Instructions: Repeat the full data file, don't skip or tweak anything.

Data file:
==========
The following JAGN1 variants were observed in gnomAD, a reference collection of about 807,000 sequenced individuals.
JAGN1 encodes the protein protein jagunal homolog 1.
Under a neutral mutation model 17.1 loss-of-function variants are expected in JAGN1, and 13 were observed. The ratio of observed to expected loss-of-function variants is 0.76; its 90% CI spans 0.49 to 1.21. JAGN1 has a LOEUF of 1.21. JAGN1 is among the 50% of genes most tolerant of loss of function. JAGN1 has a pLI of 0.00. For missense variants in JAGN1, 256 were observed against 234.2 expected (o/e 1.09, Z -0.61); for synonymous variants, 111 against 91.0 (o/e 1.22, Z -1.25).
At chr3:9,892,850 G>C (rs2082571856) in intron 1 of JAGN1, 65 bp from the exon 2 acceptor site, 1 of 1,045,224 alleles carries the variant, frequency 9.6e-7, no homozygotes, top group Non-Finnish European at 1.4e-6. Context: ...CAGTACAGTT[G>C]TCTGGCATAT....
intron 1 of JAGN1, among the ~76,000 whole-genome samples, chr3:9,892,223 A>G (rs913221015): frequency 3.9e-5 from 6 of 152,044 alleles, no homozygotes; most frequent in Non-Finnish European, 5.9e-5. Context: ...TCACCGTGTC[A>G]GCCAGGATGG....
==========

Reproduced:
The following JAGN1 variants were observed in gnomAD, a reference collection of about 807,000 sequenced individuals.
JAGN1 encodes the protein protein jagunal homolog 1.
Under a neutral mutation model 17.1 loss-of-function variants are expected in JAGN1, and 13 were observed. The ratio of observed to expected loss-of-function variants is 0.76; its 90% CI spans 0.49 to 1.21. JAGN1 has a LOEUF of 1.21. JAGN1 is among the 50% of genes most tolerant of loss of function. JAGN1 has a pLI of 0.00. For missense variants in JAGN1, 256 were observed against 234.2 expected (o/e 1.09, Z -0.61); for synonymous variants, 111 against 91.0 (o/e 1.22, Z -1.25).
At chr3:9,892,850 G>C (rs2082571856) in intron 1 of JAGN1, 65 bp from the exon 2 acceptor site, 1 of 1,045,224 alleles carries the variant, frequency 9.6e-7, no homozygotes, top group Non-Finnish European at 1.4e-6. Context: ...CAGTACAGTT[G>C]TCTGGCATAT....
intron 1 of JAGN1, among the ~76,000 whole-genome samples, chr3:9,892,223 A>G (rs913221015): frequency 3.9e-5 from 6 of 152,044 alleles, no homozygotes; most frequent in Non-Finnish European, 5.9e-5. Context: ...TCACCGTGTC[A>G]GCCAGGATGG....